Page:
- With Covid-19, wild-animal markets face new pressures to shutter: The trade in wild animals is coming under increasing pressure to shut down, ever since the source of the Covid-19 pandemic was linked to a “wet market” in Wuhan, China, where throngs of customers shop for live animals held in cramped quarters, as Brian Barth reports in FERN’s latest story.
- United Fresh calls for federal assistance for COVID-19 losses: The United Fresh Produce Association is requesting urgent action by Congress to help the fresh produce supply chain deal with the financial shocks caused by the coronavirus COVID-19 outbre
The alcohol industry responds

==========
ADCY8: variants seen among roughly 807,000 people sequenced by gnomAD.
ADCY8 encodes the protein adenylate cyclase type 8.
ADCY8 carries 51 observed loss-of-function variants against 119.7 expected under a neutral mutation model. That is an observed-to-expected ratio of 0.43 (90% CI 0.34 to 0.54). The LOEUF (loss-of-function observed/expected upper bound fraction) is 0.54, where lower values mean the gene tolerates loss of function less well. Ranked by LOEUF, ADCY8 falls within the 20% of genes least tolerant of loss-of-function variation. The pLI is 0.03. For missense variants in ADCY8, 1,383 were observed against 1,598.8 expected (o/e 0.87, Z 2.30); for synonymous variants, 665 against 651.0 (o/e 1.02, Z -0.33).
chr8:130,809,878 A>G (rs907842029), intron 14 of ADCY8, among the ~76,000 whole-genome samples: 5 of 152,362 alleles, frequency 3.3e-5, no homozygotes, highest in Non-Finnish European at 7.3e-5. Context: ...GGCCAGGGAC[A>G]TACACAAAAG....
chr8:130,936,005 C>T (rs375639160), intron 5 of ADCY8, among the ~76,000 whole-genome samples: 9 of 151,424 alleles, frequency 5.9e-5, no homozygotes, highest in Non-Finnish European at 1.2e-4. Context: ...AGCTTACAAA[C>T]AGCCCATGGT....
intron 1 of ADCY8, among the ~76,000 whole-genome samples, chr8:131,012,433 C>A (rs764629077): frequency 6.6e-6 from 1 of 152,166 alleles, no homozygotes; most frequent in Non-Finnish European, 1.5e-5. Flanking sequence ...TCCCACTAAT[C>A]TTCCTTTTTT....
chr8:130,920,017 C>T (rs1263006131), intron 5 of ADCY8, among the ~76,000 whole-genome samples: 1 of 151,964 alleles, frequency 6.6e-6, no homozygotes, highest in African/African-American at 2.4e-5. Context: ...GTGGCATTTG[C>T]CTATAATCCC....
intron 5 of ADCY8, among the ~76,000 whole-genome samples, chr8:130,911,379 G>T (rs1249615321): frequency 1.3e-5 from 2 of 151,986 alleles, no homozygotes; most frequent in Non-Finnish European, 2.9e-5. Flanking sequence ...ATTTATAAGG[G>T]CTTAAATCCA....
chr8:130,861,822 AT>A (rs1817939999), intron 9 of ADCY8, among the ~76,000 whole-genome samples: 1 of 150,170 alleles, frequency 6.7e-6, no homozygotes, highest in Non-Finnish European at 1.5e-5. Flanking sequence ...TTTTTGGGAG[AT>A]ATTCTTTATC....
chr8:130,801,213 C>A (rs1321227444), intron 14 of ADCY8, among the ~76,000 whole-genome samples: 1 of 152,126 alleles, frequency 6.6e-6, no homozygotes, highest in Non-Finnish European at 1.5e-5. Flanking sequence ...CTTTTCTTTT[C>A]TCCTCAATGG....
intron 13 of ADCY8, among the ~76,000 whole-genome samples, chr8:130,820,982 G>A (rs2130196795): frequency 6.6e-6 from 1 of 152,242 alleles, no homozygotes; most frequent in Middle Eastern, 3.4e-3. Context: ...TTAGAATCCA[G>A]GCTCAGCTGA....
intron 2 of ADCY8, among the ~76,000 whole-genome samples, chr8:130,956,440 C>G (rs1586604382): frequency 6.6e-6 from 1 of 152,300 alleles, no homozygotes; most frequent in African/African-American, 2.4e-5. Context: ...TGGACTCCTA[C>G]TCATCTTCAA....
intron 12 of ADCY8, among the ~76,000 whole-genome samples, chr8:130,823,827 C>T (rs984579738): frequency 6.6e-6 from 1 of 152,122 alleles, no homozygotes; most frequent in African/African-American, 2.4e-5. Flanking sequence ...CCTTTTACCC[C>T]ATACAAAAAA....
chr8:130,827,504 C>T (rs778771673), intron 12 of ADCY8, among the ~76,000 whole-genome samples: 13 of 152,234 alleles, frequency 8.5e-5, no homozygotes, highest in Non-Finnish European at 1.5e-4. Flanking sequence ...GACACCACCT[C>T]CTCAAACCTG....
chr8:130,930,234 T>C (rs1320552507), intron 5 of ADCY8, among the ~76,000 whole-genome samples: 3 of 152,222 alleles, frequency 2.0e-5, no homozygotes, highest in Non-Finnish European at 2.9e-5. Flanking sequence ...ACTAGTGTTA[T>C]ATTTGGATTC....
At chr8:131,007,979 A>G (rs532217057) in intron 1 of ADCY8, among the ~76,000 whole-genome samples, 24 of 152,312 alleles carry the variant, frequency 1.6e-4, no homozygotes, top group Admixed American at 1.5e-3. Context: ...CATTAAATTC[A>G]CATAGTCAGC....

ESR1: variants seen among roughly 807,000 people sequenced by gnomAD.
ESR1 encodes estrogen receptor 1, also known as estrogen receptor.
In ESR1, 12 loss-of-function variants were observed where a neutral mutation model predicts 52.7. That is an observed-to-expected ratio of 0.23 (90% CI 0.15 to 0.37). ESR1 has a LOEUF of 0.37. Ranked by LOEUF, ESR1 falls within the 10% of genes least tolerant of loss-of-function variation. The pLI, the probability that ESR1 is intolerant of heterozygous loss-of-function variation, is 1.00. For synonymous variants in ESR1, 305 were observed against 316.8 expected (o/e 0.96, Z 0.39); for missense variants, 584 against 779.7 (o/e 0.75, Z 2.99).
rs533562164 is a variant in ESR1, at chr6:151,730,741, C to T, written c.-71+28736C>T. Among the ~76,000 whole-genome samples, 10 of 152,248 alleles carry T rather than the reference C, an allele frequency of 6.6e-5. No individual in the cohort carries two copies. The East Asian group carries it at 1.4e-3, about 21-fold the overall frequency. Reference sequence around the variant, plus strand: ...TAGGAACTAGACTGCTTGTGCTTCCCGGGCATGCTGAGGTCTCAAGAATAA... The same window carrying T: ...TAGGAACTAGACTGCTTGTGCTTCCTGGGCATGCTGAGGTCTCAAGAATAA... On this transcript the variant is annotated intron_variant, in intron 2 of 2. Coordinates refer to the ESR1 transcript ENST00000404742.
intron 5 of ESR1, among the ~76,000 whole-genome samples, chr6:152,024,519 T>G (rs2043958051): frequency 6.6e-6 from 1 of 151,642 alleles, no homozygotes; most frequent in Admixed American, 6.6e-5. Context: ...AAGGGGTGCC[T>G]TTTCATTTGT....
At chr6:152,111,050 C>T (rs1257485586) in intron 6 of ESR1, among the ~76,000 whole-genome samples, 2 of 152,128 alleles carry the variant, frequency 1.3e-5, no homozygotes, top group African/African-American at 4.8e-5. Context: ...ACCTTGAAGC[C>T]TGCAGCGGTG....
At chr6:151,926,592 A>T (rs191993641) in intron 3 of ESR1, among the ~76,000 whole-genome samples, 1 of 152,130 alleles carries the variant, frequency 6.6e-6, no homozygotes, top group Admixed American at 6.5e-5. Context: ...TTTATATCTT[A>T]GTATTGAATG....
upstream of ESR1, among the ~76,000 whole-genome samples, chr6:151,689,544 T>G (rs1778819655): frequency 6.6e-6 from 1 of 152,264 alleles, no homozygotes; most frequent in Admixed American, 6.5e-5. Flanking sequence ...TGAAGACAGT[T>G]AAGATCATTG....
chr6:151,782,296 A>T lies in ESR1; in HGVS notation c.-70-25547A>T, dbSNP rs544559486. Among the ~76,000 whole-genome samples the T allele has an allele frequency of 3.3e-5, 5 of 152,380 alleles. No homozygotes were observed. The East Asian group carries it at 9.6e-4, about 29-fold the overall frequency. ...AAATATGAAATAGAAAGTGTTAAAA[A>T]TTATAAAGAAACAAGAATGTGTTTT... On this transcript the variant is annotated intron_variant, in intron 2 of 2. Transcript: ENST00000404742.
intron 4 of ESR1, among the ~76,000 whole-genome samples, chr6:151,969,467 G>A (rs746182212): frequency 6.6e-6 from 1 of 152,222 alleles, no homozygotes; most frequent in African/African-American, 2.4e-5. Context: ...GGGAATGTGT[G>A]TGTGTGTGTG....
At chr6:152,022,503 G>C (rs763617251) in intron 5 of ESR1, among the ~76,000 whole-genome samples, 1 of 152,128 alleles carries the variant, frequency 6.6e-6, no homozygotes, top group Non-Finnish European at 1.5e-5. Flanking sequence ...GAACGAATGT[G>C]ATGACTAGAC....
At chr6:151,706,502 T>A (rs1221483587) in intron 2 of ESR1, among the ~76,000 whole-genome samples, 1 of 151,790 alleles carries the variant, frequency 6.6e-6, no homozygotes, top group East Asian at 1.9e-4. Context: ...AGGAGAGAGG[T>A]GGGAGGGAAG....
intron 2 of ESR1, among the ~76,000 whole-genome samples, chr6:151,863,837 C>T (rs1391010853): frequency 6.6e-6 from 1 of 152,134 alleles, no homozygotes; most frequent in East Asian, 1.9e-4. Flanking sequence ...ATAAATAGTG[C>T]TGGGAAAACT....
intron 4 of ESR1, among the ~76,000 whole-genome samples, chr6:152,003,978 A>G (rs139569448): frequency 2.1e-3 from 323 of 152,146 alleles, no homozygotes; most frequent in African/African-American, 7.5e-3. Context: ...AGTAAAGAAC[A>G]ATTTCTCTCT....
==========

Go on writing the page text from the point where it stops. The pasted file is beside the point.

- US alcohol calls on Congress for economic relief from COVID-19: With the economic fallout from the COVID-19 crisis only likely to worsen, the federal government is announcing different forms of aid packages. US alcohol associations are now asking for assistance…. Read more
- Coronavirus: Alcohol struggles as bars close, but ecommerce thrives: The beverage industry is keeping a close eye on the rippling effects from the COVID-19 pandemic. And in the US, there have been a few positives mixed in with the negatives, such as a boom for ecommerce…. Read more
- Alcohol companies pivot to producing hand sanitizer as coronavirus intensifies: As consumers empty store shelves of the popular gel, local distilleries and bigger companies like Diageo and Anheuser-Busch are helping to alleviate the shortage while finding a new source of revenue.
Here come the panaceas